In the course of the corona pandemic, most of them are likely to have gotten to know their PC and laptop, tablet, and smartphone better than before. Digital work, which was unthinkable in most industries before the crisis and discredited as planned or paid idleness, has become commonplace. Most educational institutions and education providers could no longer ignore digital learning, and the pandemic took its toll. The pandemic situation is now easing, but what remains of eLearning? Does the end of the pandemic mean the end of digital learning formats? And do you always have to juxtapose face-to-face teaching and digital teaching? A mixture of both could represent a flexible solution: the blended learning approach is helpful to achieve this.
What Is Blended Learning?
Blended learning is often referred to as “hybrid or integrated learning.” It means “mixed learning” because it combines online and face-to-face teaching. There are alternating teaching units on-site, in which, for example, group work or practical exercises are incorporated. These are especially important for skills and abilities that must be imprinted on the motor, technical, and social levels. A lot can be learned theoretically, but handling a chainsaw or a patient should be practiced at least a few times in real life.
Digital learning, in turn, can support the theoretical part of imparting knowledge. In a well-structured and well-thought-out learning environment, everyone can learn at their own pace. Since the theory mostly has to be repeated a few times, the ability to access digital learning modules repeatedly is beneficial.
Of course, the two phases must not be designed entirely independently of one another. Instead, the eLearning and presence phases support each other. Such a combination must be didactically planned precisely and coordinated with one another. Only in this way can the didactic added value of blended learning be fully exploited.
What Are The Advantages Of Blended Learning In Everyday Life?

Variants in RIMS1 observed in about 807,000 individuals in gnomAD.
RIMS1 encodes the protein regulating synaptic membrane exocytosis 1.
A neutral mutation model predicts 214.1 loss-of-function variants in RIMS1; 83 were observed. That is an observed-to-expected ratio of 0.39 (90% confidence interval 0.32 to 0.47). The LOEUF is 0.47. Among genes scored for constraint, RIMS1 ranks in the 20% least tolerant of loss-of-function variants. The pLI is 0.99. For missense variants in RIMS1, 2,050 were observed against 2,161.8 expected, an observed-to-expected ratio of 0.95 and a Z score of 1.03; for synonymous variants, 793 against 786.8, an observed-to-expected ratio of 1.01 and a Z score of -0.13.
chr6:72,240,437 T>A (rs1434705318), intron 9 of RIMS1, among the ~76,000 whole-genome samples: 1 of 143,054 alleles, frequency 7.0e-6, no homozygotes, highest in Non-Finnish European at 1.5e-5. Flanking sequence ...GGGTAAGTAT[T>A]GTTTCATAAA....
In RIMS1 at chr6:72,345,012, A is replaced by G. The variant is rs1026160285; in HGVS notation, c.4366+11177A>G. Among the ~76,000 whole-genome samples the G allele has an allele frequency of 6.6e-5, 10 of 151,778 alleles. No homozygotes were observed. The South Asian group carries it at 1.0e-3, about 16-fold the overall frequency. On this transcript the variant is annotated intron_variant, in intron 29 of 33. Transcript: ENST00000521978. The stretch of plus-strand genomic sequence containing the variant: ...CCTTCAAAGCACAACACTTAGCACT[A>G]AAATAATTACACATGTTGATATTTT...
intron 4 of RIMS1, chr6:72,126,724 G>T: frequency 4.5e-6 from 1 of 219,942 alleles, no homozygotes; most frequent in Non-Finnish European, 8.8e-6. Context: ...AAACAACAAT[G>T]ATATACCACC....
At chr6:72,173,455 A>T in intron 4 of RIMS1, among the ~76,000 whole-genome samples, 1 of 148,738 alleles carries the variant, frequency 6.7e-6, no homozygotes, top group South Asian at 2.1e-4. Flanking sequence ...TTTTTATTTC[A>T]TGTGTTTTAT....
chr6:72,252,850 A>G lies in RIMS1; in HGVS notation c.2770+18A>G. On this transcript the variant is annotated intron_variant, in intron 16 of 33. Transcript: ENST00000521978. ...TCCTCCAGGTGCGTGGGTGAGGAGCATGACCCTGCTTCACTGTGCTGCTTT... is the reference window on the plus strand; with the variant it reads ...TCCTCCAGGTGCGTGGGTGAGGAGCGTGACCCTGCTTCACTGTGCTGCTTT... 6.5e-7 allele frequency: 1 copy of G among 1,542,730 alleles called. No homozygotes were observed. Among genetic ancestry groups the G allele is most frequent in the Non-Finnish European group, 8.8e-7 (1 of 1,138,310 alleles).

Blended learning is a varied method that can increase the motivation to learn different types of learners. For example, further training courses that follow this approach can be used in parallel to a full-time job but also overcome the perceived anonymity of pure online events. Other advantages of this concept are:
- A high degree of flexibility (independent of time and location)
- Learners can learn independently at their own pace (self-determination)
- The personal contact of the learners in the face-to-face phase
- Feedback processes can easily be implemented in eLearning
- All types of learner are addressed, as the variety of methods enables the learner to focus on the most suitable one
- The financial outlay for renting rooms, learning materials, and travel costs is reduced
Which Blended Learning Concepts Are There?
Blended learning concepts are usually differentiated from one another based on the change in phases, whereby three common ideas can be mentioned as a rule:
- eLearning before attendance
- Presence before eLearning
- eLearning and presence in sync
One possible process of a blended learning concept can be that preparatory work or follow-up work on face-to-face teaching with the help of eLearning is required. This has the advantage that the learners are entirely flexible in time and location. For example, the eLearning phase can contain a specific application task of theoretically learned or safeguarding knowledge.
Furthermore, the concepts differ not only in the change of phases but also in focus. For example, the face-to-face event or the online phase can focus on a model. But there are also concepts in which online and face-to-face degrees are equally important.
However, it must be borne in mind that blended learning demands a higher degree of self-discipline and time management than “classic” face-to-face teaching because both face-to-face and online lessons have to be taken seriously and integrated into the daily routine. By combining both approaches, blended learning concepts help structure learning without taking away too much flexibility from the learner and without overwhelming them with pure self-organization.
In principle, all forms of eLearning can be used in the blended learning concept. However, not all phases of face-to-face teaching can be meaningfully transferred to eLearning. Even if digital learning can be seen as enrichment, a complete waiver of face-to-face teaching should not be considered. For example, some practical work cannot be meaningfully implemented in eLearning learning environments in the craft sector. In such industries, blended learning concepts are more appropriate. In this way, theoretical knowledge can be acquired and consolidated through online lessons, while the face-to-face phases enable practical training.